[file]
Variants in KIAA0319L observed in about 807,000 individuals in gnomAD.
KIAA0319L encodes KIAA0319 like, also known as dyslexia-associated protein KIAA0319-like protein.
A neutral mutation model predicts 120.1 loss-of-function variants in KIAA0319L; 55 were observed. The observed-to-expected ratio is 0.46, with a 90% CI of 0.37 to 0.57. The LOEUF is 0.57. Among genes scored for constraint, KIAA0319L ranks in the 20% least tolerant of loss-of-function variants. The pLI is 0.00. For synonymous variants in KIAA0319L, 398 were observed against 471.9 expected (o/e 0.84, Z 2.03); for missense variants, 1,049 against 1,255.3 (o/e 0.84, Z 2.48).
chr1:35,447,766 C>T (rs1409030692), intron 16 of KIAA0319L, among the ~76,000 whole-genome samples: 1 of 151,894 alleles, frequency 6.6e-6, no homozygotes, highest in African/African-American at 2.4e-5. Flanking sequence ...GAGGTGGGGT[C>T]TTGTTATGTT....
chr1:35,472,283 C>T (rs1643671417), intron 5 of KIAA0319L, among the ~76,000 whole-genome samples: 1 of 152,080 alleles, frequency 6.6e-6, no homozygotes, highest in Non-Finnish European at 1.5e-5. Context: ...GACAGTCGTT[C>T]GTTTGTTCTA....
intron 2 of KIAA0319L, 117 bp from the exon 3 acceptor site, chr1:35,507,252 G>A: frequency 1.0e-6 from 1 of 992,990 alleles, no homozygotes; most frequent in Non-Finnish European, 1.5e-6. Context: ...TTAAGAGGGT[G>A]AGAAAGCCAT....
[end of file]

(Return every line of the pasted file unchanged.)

Variants in KIAA0319L observed in about 807,000 individuals in gnomAD.
KIAA0319L encodes KIAA0319 like, also known as dyslexia-associated protein KIAA0319-like protein.
A neutral mutation model predicts 120.1 loss-of-function variants in KIAA0319L; 55 were observed. The observed-to-expected ratio is 0.46, with a 90% CI of 0.37 to 0.57. The LOEUF is 0.57. Among genes scored for constraint, KIAA0319L ranks in the 20% least tolerant of loss-of-function variants. The pLI is 0.00. For synonymous variants in KIAA0319L, 398 were observed against 471.9 expected (o/e 0.84, Z 2.03); for missense variants, 1,049 against 1,255.3 (o/e 0.84, Z 2.48).
chr1:35,447,766 C>T (rs1409030692), intron 16 of KIAA0319L, among the ~76,000 whole-genome samples: 1 of 151,894 alleles, frequency 6.6e-6, no homozygotes, highest in African/African-American at 2.4e-5. Flanking sequence ...GAGGTGGGGT[C>T]TTGTTATGTT....
chr1:35,472,283 C>T (rs1643671417), intron 5 of KIAA0319L, among the ~76,000 whole-genome samples: 1 of 152,080 alleles, frequency 6.6e-6, no homozygotes, highest in Non-Finnish European at 1.5e-5. Context: ...GACAGTCGTT[C>T]GTTTGTTCTA....
intron 2 of KIAA0319L, 117 bp from the exon 3 acceptor site, chr1:35,507,252 G>A: frequency 1.0e-6 from 1 of 992,990 alleles, no homozygotes; most frequent in Non-Finnish European, 1.5e-6. Context: ...TTAAGAGGGT[G>A]AGAAAGCCAT....